Update: Christian leaders to reopen Church of the Holy Sepulcher Feb. 28


Tourists pray outside the locked doors of the Church of the Holy Sepulcher Feb. 26 in Jerusalem's Old City. Protesting several recent actions they described as a "systematic campaign against the churches and the Christian community in the Holy Land," the heads of Christian churches announced Feb. 25 they were closing of the doors of the church. (CNS/Debbie Hill)

Updated 3:05 p.m. CST Feb. 27, 2018

JERUSALEM —​ Christian leaders in the Holy Land announced they would reopen the Church of the Holy Sepulcher Feb. 28 after the Israeli government has set up a negotiating team to resolve a municipal dispute over property taxes.

The heads of Christian churches expressed "our gratitude to all those who have worked tirelessly to uphold the Christian presence in Jerusalem and to defend the Status Quo," the 19th-century agreement that governs Jerusalem's holy places.

They said they looked forward to bargaining with the government committee "to ensure that our holy city, where our Christian presence continues to face challenges, remains a place where the three monotheistic faiths may live and thrive together."

The committee's formation was announced Feb. 27, two days after Christian leaders closed the doors of the Church of the Holy Sepulcher, built on the site where tradition holds that Jesus was buried. Church leaders sent out a brief press notice acknowledging they had received a statement from the prime minister's office concerning the crisis and said they were holding consultations.

The church remained closed for a third day as pilgrims continued to visit the square in front of the church, to pray, kneel and sing hymns.

Although the Church of the Holy Sepulcher was not being taxed, in early February the Jerusalem Municipality announced it would begin collecting $186.4 million in property taxes from some 887 church-owned properties that were not houses of prayer.

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The Israel Hayom newspaper reported that the religious institution with the biggest tax bill was the Roman Catholic Church, owing more than $3.3 million.

Among the properties slated to be fined was the Vatican-owned Notre Dame of Jerusalem hotel, restaurant and conference center across from the Old City. The director of the complex declined to comment on the issue.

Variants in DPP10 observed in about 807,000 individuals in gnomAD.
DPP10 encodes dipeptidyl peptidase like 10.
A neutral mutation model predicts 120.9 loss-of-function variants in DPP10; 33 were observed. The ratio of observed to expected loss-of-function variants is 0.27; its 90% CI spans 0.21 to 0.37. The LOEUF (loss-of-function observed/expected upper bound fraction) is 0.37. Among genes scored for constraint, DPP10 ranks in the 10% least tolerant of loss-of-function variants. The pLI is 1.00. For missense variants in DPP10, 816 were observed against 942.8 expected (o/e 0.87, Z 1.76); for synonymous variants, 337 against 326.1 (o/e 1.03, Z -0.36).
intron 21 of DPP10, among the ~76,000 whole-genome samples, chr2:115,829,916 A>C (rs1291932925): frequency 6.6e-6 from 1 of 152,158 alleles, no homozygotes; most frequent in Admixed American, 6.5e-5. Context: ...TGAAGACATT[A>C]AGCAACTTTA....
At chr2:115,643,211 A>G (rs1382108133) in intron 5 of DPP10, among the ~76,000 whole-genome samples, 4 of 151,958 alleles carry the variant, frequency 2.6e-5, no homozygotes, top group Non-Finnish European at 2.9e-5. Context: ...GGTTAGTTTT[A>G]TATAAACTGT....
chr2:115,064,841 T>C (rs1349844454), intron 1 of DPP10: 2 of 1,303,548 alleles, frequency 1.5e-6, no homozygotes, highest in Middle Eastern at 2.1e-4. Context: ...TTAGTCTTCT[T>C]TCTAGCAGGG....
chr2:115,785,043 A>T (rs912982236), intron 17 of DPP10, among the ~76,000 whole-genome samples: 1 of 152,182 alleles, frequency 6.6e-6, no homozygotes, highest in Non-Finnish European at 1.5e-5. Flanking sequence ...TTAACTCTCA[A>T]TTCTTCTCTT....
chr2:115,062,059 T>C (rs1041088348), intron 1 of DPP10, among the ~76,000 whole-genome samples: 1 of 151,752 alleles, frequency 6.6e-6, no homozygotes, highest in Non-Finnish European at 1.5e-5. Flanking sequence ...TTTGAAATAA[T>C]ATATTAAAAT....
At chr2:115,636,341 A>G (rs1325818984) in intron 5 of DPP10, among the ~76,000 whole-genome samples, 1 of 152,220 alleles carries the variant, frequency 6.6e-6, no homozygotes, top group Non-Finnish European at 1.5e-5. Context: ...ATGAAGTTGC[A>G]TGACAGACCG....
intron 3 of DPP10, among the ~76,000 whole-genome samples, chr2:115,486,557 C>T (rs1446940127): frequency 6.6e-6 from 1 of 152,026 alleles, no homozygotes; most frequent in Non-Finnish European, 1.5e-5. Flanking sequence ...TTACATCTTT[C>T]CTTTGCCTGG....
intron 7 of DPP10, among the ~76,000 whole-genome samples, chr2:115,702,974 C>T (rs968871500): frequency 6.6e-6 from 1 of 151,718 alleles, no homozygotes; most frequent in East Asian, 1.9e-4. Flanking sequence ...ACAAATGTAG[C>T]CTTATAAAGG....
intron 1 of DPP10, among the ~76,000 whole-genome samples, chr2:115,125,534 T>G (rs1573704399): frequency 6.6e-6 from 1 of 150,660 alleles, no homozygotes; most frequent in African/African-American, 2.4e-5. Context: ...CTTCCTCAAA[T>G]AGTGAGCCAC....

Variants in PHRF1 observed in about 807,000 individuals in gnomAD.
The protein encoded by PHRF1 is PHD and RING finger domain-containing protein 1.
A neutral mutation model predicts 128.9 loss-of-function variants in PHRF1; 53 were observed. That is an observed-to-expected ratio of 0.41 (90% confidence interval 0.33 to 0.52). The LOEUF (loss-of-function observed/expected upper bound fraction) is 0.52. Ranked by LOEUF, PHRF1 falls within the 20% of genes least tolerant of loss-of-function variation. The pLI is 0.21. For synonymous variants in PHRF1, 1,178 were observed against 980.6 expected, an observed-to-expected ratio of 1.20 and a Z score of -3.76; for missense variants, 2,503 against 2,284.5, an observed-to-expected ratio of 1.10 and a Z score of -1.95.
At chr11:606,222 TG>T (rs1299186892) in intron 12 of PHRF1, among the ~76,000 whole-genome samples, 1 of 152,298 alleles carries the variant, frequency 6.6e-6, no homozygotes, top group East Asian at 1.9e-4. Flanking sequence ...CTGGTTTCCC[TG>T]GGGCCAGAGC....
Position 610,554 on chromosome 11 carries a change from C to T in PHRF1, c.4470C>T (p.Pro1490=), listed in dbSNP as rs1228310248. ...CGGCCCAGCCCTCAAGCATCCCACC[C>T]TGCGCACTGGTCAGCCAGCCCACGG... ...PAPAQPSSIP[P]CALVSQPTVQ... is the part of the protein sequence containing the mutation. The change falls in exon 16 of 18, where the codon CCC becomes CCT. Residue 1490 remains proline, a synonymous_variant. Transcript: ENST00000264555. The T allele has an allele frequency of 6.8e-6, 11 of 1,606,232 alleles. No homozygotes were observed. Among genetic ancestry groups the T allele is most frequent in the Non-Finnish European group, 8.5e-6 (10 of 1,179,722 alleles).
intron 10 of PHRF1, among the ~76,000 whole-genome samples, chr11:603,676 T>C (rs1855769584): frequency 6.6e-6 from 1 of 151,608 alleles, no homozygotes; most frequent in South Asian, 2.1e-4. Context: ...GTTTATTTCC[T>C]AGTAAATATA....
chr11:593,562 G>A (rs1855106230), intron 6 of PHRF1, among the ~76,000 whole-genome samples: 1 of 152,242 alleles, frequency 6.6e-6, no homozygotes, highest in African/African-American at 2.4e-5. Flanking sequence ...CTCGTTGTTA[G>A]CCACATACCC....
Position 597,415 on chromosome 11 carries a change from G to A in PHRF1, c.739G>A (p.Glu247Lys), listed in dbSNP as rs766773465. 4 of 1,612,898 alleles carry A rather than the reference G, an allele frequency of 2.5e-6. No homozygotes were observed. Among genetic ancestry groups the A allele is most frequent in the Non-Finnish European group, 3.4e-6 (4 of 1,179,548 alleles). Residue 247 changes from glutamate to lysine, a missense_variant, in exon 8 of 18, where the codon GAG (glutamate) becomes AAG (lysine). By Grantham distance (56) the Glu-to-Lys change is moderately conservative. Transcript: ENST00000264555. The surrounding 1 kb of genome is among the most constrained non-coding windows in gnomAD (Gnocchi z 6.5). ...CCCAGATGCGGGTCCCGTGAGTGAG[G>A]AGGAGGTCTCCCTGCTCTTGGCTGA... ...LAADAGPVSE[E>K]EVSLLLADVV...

The Holy See and Israel have been in negotiations over the status of its Jerusalem holdings since 1993, when diplomatic relations were established.

The Israeli government said the team negotiating the current tax crisis would consist of representatives of the finance, foreign affairs and interior ministries as well as from the Jerusalem Municipality. According to a statement from the prime minister's office, the Jerusalem Municipality will suspend the collection actions it has taken in recent weeks.

The committee is also slated to look at the issue of Jerusalem land sales by the Greek Orthodox Church. Church leaders feared a bill in the Israeli parliament would allow for state expropriation of church land. Media reported that work on the bill was suspended until the committee could present its findings.

Earlier in February, some political commentators suggested that the threat to impose taxes on church property was a ploy by Jerusalem Mayor Nir Barkat to try to get more funding for his city from the Ministry of Finance. Prior to this crisis, he had urged municipal workers to go on strike, leaving the city buried in garbage in an attempt to get more funds.

Despite rumors, sources told Catholic News Service that church bank accounts had not been frozen, although at least the Greek Orthodox Church had received a notice that such actions could be taken.

The church leaders said taxing commercial properties decreases revenues for the church's good works and breaches "existing agreements and international obligations which guarantee the rights and the privileges of the churches, in what seems as attempt to weaken the Christian presence in Jerusalem."

The church leaders' closing of the Church of the Holy Sepulcher during Lent, close to Easter, the busiest time for pilgrims, drew international attention and condemnation.

In Amman, Jordan, Feb. 25, Mohammad al-Momani, Jordanian minister of state for media affairs, called on "the Israeli government to immediately reverse the decisions taken against churches and respect its obligations under international law as an occupying power in East Jerusalem."

Under a 1994 peace accord with Israel, Jordan is recognized as the legal custodian of Christian and Muslim holy sites in Jerusalem. It is also only one of two Arab countries to have a signed peace treaty with Israel.

In a statement made available to Catholic News Service, al-Momani reiterated "Jordan's absolute rejection of Israeli authorities' systematic measures to change the historical and legal status quo in East Jerusalem's holy sites, including Islamic and Christian property and endowments as well as imposing further restrictions on Christian churches in Jerusalem, the most recent of which was the Jerusalem municipality's seizure of church property and bank accounts on the pretext of not paying financial dues related to building taxes."

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Contributing to this story was Dale Gavlak in Amman.

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